In March, 2018, the California Court of Appeal decided an interesting issue with regarding defective designs on public property in Rodriguez v. Department of Transportation, Case No. F074027 (March 27, 2018). The Court had to decide whether a public entity could avoid liability through the affirmative defense of design immunity. In a nutshell, the Court rejected plaintiff’s assertion that a public official’s approval of a design does not constitute an exercise of discretionary authority under Government Code section 830.6 when there is a failure to consider a safety measure that would have prevented the plaintiff’s injury. In other words, a government entity is not required to consider all safety measures as long as the approved design is found to be reasonable. This rather complicated decision requires further factual analysis to fully understand. Read on.
A Brief Overview of Government Code section 830.6
A public entity claiming design immunity under Government Code section 830.6 must establish three elements: (1) a causal relationship between the plan or design and the accident; (2) discretionary approval of the plan or design prior to construction; and (3) substantial evidence supporting the reasonableness of the plan or design. In order to establish discretionary approval, an entity must simply provide evidence that an employee who possesses discretionary authority approved the design at issue. A showing the employee considered the safety feature a plaintiff claims would have prevented the harm suffered is not required to take advantage of the safeguards of Government Code section 830.6. As long as the design at issue was reasonable, the omission of the safety feature does not affect the entities immunity from liability for the harm a plaintiff suffered as a result of the condition.
The Rodriguez Case
Plaintiff Erik Rodriguez was a passenger in a pickup truck traveling westbound on State Route 152 near Los Banos, California when the truck ran off the road, injuring Mr. Rodriguez and killing another passenger. Mr. Rodriguez sued the Department of Transportation (Caltrans) claiming they maintained a dangerous condition on public property. Namely, Mr. Rodriguez contended the guardrail present on the subject section of the roadway and the shoulder were inadequate since they did not contain “warning features” such as a “rumble strip” to prevent vehicles from the type of accident he was involved in.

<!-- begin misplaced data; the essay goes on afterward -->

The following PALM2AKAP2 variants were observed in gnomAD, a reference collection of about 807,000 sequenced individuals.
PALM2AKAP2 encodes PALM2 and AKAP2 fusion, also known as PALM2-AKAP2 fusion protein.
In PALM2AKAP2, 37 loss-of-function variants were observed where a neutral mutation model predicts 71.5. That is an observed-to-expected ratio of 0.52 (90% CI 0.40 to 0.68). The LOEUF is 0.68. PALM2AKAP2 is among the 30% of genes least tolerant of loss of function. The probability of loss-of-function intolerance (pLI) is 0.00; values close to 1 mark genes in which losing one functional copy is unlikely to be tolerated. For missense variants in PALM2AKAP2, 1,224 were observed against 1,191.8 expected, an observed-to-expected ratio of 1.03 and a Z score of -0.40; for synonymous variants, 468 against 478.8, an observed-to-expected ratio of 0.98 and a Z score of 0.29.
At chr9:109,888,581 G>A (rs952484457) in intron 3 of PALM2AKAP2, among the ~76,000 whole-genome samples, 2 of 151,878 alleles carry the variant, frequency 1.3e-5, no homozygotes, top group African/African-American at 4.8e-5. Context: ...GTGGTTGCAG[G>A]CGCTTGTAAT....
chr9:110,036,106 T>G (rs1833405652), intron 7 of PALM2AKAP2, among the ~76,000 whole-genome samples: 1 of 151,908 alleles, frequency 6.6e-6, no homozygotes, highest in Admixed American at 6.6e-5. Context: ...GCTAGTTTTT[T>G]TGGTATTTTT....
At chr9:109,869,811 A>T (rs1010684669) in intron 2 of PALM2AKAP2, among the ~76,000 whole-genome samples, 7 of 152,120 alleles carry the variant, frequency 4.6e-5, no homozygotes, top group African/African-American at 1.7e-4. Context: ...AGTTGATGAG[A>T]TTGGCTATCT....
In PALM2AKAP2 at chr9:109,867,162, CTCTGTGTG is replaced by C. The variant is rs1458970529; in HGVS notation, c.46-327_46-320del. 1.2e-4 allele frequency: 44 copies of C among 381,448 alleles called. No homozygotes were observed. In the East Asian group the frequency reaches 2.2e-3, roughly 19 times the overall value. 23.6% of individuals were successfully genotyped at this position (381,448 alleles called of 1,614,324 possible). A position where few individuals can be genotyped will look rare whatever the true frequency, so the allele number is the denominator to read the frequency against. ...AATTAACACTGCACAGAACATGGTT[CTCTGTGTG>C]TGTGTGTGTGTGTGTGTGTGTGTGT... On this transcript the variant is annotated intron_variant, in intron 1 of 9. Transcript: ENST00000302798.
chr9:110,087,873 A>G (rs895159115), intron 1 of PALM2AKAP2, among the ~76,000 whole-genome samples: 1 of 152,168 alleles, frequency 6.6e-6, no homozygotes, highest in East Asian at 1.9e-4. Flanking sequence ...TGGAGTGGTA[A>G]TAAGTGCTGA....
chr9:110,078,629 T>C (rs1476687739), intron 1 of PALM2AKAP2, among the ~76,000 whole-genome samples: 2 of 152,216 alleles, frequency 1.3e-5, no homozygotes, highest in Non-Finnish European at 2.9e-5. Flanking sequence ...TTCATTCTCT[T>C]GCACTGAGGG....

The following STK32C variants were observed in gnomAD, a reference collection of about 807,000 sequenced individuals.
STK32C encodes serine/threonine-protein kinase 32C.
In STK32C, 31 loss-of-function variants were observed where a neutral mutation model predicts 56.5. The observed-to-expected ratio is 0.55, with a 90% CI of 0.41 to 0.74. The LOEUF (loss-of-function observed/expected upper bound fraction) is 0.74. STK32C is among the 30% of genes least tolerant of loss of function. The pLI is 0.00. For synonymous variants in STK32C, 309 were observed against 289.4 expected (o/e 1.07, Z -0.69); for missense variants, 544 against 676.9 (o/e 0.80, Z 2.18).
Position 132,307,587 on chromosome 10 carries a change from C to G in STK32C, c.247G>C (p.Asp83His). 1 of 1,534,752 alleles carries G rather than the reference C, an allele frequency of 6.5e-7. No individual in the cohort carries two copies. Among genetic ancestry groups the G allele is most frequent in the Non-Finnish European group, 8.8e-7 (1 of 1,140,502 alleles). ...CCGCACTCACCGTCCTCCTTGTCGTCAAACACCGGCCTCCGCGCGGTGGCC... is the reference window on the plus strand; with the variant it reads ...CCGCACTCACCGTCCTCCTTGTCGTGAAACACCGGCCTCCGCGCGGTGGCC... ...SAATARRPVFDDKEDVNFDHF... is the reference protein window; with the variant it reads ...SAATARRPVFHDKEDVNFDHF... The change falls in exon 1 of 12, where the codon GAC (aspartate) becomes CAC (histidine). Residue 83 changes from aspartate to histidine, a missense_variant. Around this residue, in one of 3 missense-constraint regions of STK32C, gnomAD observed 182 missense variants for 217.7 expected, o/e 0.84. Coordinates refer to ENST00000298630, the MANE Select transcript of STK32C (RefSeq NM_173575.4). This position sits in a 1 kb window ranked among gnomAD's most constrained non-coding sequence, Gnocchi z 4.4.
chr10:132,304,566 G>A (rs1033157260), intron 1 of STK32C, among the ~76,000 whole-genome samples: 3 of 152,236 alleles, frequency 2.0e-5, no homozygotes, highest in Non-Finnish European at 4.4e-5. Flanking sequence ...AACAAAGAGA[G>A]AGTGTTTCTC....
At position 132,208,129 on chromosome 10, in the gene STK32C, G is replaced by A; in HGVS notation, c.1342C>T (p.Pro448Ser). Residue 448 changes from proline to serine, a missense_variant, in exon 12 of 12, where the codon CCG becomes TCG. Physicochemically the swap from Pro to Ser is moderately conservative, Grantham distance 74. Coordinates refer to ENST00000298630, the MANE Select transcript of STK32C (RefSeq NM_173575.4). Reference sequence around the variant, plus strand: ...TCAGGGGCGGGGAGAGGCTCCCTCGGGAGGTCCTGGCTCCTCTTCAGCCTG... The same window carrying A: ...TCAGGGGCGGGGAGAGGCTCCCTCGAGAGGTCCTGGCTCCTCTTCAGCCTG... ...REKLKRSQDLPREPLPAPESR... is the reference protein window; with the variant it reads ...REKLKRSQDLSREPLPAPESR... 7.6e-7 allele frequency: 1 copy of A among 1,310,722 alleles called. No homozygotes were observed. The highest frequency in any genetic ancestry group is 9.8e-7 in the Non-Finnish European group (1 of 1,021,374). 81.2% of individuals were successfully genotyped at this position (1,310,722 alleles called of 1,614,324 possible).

Caltrans made a motion for summary judgment in response to Mr. Rodriguez’s complaint, which argued the state engineers who approved the plans for the roadway did so within their discretionary authority under Government Code section 830.6. They also submitted evidence the subject roadway was built in accordance with the plans. The lead project engineer for the section of SR 152 that was at issue submitted a declaration stating that when the plans were submitted and approved, he did not considering implementing rumble strips on the road’s shoulders because “in 1992, the absence of rumble strips at the subject location met the then existing standards for roadways.”
In his opposition, Mr. Rodriguez contended, because the project engineer failed to consider the rumble strips as a safety measure (rather than considering them and rejecting them), Caltrans was unable to prove they exercised “discretionary authority” in approving the plans as the rumble strips were never contemplated for the subject area of the roadway. The trial court disagreed and granted Caltrans’ summary judgment motion. Mr. Rodriguez appealed.
After a detailed analysis of Government Code section 830.6, the Court of Appeals affirmed the trial court’s decision. Despite Mr. Rodriguez’s argument that discretionary approval was lacking due to the fact the engineer “never considered the particular feature or design element at issue, namely whether to install rumble strips[,] . . . [and] if there was never a decision made concerning the rumble strips, the quality of the deliberative process cannot be assessed,” the Court held Caltrans met their burden. The Court found Caltrans produced sufficient evidence that the plans for the subject section of roadway were approved by engineers who possessed the requisite authority to approve the plans. (Rodriguez v. Department of Transportation, Case No. F074027 at p.9). The Court further opined that, based on the language of Government Code 830.6, the fact the engineer never considered the use of the rumble strips was irrelevant to the discretionary approval element and, as long as the adopted final design was one a “reasonable employee” could have approved, immunity against the plaintiff’s claims applied. (Id. p. 11).
The decision in Rodriguez effectively allows governmental entities to rely on norms and practices of design of public property as long as the design is reasonable. Ultimately, it is not for the fact finder to decide whether a public entity’s discretionary authority is correct but, rather, whether there is evidence to support the reasonableness of a design given the circumstances. In essence, the Rodriguez decision shields public entities from liability for failing to implement safety precautions that were never a consideration in the first place, so the law does not require an inevitable guessing game.